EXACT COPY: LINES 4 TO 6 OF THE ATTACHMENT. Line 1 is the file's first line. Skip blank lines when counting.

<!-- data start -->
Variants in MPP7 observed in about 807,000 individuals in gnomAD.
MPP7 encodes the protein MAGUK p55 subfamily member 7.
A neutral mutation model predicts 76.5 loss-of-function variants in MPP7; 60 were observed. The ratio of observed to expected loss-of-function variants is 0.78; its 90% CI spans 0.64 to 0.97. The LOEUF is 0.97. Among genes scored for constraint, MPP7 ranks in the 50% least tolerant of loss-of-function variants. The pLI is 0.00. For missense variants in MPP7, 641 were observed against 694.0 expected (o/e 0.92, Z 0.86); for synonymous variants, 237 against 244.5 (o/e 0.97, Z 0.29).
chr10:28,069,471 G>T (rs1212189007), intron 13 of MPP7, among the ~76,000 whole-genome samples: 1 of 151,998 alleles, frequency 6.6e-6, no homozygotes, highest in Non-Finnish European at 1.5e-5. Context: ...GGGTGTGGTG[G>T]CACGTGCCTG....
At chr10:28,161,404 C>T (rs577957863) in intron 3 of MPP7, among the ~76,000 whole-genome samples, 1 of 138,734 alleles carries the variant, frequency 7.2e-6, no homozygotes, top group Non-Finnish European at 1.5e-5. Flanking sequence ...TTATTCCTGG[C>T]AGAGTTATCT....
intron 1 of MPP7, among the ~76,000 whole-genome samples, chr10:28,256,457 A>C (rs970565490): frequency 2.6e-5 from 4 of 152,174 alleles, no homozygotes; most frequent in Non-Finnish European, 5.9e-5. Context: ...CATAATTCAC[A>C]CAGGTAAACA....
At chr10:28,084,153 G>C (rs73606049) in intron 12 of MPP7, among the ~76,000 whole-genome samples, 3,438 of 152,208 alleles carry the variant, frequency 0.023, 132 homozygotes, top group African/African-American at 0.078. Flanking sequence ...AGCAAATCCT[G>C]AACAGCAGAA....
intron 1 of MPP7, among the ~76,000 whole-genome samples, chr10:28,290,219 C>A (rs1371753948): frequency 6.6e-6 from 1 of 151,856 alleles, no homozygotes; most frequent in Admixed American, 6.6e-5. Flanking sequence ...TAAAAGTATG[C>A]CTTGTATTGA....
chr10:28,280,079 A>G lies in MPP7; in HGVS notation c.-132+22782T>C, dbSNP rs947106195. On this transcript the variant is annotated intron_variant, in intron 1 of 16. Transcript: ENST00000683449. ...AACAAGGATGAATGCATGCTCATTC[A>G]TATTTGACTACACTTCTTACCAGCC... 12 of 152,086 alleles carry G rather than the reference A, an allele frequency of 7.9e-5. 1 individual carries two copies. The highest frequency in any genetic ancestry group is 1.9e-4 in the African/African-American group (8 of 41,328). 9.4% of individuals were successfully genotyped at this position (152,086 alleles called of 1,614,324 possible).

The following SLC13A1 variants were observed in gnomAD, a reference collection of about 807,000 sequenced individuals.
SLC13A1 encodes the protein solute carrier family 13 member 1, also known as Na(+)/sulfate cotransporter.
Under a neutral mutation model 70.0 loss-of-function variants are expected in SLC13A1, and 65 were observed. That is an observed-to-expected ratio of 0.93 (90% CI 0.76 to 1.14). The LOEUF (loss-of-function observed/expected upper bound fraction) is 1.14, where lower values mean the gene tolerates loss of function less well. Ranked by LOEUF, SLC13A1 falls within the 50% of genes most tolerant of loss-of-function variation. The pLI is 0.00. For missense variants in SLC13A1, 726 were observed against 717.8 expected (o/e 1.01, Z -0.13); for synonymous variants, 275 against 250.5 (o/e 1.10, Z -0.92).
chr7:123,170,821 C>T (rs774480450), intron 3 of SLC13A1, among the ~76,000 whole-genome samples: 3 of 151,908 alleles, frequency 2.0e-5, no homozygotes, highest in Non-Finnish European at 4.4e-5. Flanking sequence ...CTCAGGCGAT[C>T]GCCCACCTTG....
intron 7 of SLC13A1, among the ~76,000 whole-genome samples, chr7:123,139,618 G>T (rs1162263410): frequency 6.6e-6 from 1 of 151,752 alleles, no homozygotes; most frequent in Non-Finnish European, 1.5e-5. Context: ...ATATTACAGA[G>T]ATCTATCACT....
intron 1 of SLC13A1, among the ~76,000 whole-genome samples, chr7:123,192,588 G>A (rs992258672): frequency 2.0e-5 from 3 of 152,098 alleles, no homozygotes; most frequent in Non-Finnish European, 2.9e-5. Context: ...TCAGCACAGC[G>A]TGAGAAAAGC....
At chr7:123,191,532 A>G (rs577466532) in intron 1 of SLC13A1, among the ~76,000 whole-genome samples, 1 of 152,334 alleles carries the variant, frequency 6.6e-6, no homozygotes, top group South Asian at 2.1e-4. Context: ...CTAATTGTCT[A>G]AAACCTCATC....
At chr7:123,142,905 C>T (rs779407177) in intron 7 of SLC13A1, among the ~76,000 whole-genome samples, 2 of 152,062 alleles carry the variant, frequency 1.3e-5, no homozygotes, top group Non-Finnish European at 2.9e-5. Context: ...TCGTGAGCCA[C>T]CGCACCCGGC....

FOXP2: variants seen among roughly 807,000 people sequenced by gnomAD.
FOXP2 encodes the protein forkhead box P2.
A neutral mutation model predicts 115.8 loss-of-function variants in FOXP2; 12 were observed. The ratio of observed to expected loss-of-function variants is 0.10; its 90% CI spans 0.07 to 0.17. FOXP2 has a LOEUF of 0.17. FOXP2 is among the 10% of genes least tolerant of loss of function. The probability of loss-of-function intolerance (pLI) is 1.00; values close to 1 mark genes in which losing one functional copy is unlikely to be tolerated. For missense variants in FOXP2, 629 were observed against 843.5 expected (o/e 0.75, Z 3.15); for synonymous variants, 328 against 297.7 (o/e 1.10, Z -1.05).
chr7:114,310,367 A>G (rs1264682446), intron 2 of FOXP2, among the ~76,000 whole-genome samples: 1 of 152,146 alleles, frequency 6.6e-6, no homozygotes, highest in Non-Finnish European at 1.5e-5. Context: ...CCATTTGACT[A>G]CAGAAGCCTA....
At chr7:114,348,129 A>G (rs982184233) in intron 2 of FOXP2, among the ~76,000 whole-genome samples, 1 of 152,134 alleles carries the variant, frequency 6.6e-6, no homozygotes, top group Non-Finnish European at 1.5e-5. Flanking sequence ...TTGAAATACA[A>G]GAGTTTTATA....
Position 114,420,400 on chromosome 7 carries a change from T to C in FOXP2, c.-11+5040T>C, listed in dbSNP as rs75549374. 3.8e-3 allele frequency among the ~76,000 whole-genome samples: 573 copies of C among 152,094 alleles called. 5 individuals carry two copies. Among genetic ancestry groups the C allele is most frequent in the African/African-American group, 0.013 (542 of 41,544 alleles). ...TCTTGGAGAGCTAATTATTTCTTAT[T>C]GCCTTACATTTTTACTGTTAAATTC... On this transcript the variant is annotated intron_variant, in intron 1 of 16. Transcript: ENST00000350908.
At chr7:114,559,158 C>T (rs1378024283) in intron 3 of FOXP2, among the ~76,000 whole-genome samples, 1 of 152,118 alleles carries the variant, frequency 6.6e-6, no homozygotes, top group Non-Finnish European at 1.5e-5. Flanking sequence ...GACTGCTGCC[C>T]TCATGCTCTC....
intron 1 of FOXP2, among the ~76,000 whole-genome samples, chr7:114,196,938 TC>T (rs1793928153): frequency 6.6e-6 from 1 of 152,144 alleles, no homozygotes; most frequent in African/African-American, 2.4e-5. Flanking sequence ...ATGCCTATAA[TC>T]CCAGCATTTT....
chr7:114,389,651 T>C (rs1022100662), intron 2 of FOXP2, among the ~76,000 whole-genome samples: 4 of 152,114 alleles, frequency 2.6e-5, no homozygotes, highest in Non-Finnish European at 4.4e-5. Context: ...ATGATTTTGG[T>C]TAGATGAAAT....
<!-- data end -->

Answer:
chr10:28,069,471 G>T (rs1212189007), intron 13 of MPP7, among the ~76,000 whole-genome samples: 1 of 151,998 alleles, frequency 6.6e-6, no homozygotes, highest in Non-Finnish European at 1.5e-5. Context: ...GGGTGTGGTG[G>T]CACGTGCCTG....
At chr10:28,161,404 C>T (rs577957863) in intron 3 of MPP7, among the ~76,000 whole-genome samples, 1 of 138,734 alleles carries the variant, frequency 7.2e-6, no homozygotes, top group Non-Finnish European at 1.5e-5. Flanking sequence ...TTATTCCTGG[C>T]AGAGTTATCT....
intron 1 of MPP7, among the ~76,000 whole-genome samples, chr10:28,256,457 A>C (rs970565490): frequency 2.6e-5 from 4 of 152,174 alleles, no homozygotes; most frequent in Non-Finnish European, 5.9e-5. Context: ...CATAATTCAC[A>C]CAGGTAAACA....